Stolen-Art Market Is a Big Business At $2 Billion a Year
IN Frankfurt, Germany, thieves tied up the art gallery's night watchman. In Boston, they entered an unguarded warehouse at night and cracked a big safe. In both cities, the objective was the same: Snatch the famous paintings and run.
The thefts late last month of two of J.M.W. Turner's landscapes from the Schirn Gallery in Frankfurt and of Mather Brown's portrait of Thomas Jefferson from a Boston warehouse safe on July 30, made headlines around the world: another megabuck heist of well-known art by unknown thugs.
The value of the Turner and two other paintings is an estimated $50 million. The Jefferson portrait, the earliest known painting of the third president of the United States, is insured for $500,000, but considered priceless.
The notoriety that comes when famous works of art are stolen does not necessarily mean that such crimes are on the increase around the world. ``I'm inclined to think there is less of it these days,'' says Bill Smith, director of fine-arts claims at Graham Miller International of New York, an insurance-adjustment company.
``In the '80s, the market value of art received so much attention, not because of the art, but because paintings were auctioned for unheard-of sums,'' he says. ``It sounded like a good day's pay to thieves. But they learned that well-known art is difficult to unload.''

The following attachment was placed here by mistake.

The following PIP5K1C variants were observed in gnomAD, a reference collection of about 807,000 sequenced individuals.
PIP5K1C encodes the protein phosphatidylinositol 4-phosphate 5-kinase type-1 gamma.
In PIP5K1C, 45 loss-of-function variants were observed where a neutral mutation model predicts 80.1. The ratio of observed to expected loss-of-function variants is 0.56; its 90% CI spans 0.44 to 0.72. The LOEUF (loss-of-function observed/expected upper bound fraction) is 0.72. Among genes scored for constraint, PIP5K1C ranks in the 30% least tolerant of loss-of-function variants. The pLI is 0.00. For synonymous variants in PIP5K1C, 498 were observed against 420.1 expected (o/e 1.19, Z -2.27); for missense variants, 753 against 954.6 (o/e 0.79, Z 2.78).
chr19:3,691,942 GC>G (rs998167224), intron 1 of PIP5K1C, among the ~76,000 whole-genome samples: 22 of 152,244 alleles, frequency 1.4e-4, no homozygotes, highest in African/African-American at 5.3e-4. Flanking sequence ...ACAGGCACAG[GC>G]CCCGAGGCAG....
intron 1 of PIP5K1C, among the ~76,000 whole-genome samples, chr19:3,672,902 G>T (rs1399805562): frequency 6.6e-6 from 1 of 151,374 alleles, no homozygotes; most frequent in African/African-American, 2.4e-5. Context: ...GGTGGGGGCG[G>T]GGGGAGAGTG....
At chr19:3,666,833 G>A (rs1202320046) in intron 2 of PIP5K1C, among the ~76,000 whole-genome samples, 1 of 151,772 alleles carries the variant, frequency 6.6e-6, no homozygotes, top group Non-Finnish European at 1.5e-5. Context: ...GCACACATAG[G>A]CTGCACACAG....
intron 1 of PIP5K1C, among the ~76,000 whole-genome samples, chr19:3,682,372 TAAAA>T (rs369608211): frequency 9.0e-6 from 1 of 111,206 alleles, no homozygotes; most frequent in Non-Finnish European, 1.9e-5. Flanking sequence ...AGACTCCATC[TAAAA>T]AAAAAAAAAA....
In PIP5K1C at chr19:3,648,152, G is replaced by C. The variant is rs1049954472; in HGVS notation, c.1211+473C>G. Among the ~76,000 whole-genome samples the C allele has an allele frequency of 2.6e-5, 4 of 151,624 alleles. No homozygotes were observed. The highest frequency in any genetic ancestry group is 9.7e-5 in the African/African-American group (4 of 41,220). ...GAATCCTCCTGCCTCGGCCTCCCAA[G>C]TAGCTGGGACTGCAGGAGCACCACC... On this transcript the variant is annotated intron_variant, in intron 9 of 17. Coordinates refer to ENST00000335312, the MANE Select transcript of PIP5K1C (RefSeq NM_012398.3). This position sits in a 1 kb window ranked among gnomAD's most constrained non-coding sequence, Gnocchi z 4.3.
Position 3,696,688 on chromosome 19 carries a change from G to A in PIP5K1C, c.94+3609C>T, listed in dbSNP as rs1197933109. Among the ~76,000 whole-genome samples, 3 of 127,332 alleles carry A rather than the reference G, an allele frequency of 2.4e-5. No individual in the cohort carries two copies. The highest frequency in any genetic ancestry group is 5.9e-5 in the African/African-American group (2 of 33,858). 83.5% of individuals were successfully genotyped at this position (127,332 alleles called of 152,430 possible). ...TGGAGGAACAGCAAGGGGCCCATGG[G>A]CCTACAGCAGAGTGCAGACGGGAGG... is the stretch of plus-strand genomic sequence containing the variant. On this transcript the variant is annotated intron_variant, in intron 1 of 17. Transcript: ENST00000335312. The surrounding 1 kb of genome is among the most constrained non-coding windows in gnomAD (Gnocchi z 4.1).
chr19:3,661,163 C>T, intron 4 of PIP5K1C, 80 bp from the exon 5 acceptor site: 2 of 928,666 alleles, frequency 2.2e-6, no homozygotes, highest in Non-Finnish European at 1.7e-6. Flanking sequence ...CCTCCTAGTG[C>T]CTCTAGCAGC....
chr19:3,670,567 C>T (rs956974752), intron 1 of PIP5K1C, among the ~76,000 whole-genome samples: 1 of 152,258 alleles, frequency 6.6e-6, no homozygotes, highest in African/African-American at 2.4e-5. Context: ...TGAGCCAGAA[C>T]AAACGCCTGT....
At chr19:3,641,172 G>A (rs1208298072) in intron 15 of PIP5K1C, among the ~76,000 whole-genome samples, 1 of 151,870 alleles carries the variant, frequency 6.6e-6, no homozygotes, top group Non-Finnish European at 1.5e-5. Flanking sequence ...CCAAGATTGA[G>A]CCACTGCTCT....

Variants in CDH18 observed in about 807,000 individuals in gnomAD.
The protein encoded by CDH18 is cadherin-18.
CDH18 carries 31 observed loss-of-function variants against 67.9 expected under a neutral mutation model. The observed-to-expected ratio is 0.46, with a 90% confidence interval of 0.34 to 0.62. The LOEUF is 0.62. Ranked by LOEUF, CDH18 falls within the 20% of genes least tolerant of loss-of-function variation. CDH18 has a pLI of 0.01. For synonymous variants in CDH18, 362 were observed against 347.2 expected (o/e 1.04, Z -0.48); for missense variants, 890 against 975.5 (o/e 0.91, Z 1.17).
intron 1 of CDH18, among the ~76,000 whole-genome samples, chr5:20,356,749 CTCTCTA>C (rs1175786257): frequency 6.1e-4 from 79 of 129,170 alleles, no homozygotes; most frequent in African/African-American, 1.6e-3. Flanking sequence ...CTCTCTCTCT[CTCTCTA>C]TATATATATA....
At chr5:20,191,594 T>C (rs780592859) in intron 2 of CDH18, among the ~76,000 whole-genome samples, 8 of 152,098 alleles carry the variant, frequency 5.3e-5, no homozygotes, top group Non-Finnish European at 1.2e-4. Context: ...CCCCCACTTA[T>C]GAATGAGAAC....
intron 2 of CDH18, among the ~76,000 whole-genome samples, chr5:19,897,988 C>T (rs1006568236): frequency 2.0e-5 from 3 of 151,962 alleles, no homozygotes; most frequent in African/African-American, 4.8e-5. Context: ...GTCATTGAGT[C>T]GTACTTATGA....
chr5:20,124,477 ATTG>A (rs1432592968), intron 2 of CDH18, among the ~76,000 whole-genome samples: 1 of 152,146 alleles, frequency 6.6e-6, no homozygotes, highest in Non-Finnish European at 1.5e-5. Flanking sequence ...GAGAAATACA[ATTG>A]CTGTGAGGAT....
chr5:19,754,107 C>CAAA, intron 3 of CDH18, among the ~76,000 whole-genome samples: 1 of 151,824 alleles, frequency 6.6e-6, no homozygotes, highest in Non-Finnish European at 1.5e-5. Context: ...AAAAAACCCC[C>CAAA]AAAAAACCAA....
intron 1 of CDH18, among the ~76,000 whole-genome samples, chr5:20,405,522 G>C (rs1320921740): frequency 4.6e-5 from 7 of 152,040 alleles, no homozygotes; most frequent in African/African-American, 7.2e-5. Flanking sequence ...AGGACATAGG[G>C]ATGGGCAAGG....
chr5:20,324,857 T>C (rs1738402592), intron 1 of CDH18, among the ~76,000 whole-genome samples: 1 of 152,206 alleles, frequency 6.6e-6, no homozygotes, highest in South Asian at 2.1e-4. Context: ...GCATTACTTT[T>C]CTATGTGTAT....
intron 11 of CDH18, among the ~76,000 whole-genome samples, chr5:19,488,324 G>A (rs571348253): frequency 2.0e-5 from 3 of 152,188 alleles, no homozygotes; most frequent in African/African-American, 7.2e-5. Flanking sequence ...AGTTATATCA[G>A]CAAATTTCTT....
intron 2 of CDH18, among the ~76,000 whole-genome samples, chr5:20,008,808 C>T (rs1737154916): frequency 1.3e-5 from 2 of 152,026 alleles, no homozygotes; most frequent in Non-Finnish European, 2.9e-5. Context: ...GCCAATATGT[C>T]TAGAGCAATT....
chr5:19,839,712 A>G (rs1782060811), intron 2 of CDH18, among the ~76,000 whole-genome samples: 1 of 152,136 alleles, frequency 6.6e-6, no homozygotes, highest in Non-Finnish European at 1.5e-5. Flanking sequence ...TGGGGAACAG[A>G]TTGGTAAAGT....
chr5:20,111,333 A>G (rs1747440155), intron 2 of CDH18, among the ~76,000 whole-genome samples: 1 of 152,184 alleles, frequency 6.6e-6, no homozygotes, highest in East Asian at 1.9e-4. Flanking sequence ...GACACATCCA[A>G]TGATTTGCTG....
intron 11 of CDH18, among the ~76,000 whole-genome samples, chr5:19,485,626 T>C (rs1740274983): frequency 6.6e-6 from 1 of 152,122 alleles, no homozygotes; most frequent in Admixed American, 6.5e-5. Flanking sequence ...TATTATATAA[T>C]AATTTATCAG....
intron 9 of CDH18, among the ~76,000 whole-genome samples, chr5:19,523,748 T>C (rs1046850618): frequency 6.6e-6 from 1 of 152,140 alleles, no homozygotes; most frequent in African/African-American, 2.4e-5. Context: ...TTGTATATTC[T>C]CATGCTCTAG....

Factor in archaeological looting along with fine-art thievery, and Constance Lowenthal, executive director of the International Foundation for Art Research (IFAR) in New York, thinks the level of stolen art and antiquities has reached $2 billion a year. Of that sum, she estimates that fine-art thefts work out to a $750 million-a-year market.
``From our point of view, the thievery never stops,'' she says. ``But if there was a graph drawn of fine-art theft over the last decade, and remembering that not all stolen art is reported, I don't think you would find a major increase under way. It goes in spurts.''
N Boston, where the Isabella Stewart Gardner Museum was pilfered one night in 1990 of $200 million worth of paintings - including two Rembrandts, several by Degas, a Manet, and a Vermeer - experts say there is no increase in theft.
``The publicity over the Gardner case and now the Jefferson theft makes it seem like a lot,'' says Bill McMullin, a special agent with the Federal Bureau of Investigation (FBI) in Boston. ``But I don't see a change in the pattern of frequency, at least in Boston.''